Born a few days early, I checked underneath Daisy this morning like I do every day to make sure no other hen has laid a fresh egg among the eggs she is incubating, heard a peep, and saw a broken shell. The first chick had hatched. I wasn’t expecting the chicks to hatch until the 28th, and here one has hatched already. More should be hatching by tomorrow. It hadn’t hatched last night as I checked underneath Daisy when I closed up the chicken coop for the night yesterday.
She’s a brave hen to hatch chicks this time of year. I plan on putting her and the chicks in one of the hoop houses so she will have a warm, dry place to raise her brood.
No matter how many times I see a newborn chick resting next to its mother, it never gets old.
About the only green left now is the hardy kale. It takes a lot of snow and ice to kill kale. There is no killing snow or frost in the forecast, and so we should have plenty of green kale to feast on. We watched a special on how to prepare Komatsuna 小松菜, Japanese mustard spinach, Brassica rapa var. perviridis.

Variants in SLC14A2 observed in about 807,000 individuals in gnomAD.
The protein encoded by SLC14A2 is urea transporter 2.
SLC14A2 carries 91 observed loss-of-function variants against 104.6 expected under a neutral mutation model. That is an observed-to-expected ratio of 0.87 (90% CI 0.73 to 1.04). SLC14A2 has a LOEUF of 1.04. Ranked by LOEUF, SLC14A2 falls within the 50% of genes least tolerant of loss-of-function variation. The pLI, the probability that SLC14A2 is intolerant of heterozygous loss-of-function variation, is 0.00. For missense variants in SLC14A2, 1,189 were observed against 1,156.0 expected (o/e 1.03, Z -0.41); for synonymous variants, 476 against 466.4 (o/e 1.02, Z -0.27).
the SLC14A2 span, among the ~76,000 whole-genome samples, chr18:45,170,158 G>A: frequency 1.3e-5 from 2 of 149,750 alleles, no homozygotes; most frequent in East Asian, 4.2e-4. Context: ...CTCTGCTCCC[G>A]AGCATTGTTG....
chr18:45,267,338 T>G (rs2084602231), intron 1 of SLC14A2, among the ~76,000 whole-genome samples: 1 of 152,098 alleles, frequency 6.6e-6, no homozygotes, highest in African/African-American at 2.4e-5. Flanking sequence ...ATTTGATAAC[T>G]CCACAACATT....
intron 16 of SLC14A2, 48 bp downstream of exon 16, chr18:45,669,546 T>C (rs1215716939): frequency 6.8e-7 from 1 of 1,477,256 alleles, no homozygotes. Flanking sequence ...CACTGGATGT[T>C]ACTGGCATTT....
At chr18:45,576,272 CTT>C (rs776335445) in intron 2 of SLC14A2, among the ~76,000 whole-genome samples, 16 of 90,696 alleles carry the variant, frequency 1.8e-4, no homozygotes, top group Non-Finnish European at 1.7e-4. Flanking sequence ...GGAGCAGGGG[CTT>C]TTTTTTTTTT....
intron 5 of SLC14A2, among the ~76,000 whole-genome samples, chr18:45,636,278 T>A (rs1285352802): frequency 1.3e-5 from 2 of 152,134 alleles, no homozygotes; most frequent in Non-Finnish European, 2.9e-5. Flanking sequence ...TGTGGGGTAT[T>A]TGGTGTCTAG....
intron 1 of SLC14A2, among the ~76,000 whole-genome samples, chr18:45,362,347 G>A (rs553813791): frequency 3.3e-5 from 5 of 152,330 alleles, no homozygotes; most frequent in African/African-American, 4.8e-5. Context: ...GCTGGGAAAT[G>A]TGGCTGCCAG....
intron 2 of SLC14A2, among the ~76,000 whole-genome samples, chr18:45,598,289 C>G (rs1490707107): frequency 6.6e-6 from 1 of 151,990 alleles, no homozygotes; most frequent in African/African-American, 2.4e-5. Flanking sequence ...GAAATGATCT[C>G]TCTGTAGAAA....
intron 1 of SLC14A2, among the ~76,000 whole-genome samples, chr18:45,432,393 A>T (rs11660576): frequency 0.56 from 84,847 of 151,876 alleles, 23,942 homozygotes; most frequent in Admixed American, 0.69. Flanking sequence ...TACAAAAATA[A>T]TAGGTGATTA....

One method of cooking Komatsuna, is to pass the leaves through simmering water for just 2 to 3 seconds. I gave it a try on the kale, and it is a great way to cook kale. It softens it just a bit while keeping the green, fresh taste of kale.
I’m going through all the seeds I have, cataloging them, and deciding what it is I want to plant for this year’s farmers market. These cold, wet, dark winter days are perfect for dreaming Spring dreams.